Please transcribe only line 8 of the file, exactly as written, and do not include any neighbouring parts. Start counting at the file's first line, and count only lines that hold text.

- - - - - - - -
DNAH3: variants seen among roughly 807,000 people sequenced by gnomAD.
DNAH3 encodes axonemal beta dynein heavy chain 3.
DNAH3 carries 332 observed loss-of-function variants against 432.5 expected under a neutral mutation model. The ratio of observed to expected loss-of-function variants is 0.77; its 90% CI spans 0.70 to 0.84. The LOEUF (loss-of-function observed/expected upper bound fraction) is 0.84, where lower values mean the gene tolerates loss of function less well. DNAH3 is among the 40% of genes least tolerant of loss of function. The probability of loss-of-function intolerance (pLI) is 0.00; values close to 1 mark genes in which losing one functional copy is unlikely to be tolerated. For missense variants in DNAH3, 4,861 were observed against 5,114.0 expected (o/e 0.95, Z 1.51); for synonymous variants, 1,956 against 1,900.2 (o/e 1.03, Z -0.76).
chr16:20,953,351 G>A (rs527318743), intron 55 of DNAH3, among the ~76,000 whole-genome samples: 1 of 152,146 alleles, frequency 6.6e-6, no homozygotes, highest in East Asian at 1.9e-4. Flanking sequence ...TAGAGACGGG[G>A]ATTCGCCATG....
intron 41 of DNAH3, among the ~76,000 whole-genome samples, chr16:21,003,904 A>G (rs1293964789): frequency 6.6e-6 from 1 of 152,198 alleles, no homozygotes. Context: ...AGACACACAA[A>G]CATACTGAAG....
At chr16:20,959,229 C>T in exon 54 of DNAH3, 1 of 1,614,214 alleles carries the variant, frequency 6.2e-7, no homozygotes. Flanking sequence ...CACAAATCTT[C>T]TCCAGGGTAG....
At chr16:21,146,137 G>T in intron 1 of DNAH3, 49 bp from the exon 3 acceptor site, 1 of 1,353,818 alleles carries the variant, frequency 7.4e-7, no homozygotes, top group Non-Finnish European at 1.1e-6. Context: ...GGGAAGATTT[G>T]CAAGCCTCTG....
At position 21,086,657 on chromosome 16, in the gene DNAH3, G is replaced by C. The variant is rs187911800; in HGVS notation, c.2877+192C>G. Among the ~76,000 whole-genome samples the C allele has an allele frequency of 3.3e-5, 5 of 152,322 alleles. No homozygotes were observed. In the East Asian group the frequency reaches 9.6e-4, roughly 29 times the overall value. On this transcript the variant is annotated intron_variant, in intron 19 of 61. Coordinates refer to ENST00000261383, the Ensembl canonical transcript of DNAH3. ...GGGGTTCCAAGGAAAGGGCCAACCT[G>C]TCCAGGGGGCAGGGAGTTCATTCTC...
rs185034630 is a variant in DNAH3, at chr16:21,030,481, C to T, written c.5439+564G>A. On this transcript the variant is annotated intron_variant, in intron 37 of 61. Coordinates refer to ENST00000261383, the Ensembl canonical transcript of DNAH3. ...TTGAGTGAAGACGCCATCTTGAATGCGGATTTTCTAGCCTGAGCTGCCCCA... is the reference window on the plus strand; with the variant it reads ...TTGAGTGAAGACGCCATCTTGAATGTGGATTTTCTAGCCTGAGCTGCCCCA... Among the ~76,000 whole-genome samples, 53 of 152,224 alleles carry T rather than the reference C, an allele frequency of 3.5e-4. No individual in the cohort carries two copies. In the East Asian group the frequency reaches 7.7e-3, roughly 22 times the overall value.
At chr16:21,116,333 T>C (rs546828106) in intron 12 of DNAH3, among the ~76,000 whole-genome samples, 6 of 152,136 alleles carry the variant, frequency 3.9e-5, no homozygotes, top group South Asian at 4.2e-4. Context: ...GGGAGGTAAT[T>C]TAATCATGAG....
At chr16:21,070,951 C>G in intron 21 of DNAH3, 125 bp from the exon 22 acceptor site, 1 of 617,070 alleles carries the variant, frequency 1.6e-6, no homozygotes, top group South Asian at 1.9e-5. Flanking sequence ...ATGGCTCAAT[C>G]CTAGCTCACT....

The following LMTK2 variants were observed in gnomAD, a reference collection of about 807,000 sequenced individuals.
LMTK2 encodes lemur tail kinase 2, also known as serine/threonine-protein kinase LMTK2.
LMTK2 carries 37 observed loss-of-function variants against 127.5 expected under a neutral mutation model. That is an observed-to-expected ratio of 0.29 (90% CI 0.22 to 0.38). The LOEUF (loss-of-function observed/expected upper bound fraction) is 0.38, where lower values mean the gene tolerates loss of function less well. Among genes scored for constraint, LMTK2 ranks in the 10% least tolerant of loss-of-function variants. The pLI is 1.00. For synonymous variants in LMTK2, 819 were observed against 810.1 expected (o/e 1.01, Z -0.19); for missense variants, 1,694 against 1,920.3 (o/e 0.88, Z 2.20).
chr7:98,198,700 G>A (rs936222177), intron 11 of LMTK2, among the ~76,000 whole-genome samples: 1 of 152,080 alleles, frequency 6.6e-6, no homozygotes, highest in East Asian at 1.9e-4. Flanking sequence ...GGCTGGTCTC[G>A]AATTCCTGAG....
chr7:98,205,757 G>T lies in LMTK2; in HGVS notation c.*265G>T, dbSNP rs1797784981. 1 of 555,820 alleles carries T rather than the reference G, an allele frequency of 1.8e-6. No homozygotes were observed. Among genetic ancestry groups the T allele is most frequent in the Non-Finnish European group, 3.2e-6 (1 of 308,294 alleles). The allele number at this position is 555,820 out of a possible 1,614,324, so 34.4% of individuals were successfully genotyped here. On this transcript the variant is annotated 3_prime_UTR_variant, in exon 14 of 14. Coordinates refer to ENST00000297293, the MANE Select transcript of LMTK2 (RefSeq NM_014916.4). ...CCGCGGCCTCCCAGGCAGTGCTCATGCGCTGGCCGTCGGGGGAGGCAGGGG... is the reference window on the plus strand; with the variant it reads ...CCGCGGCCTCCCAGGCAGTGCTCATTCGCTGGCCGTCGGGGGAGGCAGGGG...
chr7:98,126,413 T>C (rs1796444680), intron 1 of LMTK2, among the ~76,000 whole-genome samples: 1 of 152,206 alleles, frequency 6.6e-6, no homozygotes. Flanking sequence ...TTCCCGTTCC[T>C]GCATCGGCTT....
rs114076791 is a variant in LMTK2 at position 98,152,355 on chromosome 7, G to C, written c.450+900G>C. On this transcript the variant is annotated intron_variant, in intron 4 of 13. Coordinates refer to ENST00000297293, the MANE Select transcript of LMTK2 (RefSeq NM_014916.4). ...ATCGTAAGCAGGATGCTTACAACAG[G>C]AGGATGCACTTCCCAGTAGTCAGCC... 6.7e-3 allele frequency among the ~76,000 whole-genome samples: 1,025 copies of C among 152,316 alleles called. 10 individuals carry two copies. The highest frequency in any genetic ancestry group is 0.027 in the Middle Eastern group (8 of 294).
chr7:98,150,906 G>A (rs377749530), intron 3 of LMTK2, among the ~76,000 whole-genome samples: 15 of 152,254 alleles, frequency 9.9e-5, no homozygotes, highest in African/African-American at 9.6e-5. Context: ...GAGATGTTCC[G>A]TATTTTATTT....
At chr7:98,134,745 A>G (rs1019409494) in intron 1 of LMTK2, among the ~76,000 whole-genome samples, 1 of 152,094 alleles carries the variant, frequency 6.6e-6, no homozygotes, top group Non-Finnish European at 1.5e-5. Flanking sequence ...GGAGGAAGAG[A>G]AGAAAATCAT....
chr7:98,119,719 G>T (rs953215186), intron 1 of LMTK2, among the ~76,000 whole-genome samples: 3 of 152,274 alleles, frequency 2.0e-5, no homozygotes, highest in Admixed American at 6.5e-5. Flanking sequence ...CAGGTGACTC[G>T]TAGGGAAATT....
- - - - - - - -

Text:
At position 21,086,657 on chromosome 16, in the gene DNAH3, G is replaced by C. The variant is rs187911800; in HGVS notation, c.2877+192C>G. Among the ~76,000 whole-genome samples the C allele has an allele frequency of 3.3e-5, 5 of 152,322 alleles. No homozygotes were observed. In the East Asian group the frequency reaches 9.6e-4, roughly 29 times the overall value. On this transcript the variant is annotated intron_variant, in intron 19 of 61. Coordinates refer to ENST00000261383, the Ensembl canonical transcript of DNAH3. ...GGGGTTCCAAGGAAAGGGCCAACCT[G>C]TCCAGGGGGCAGGGAGTTCATTCTC...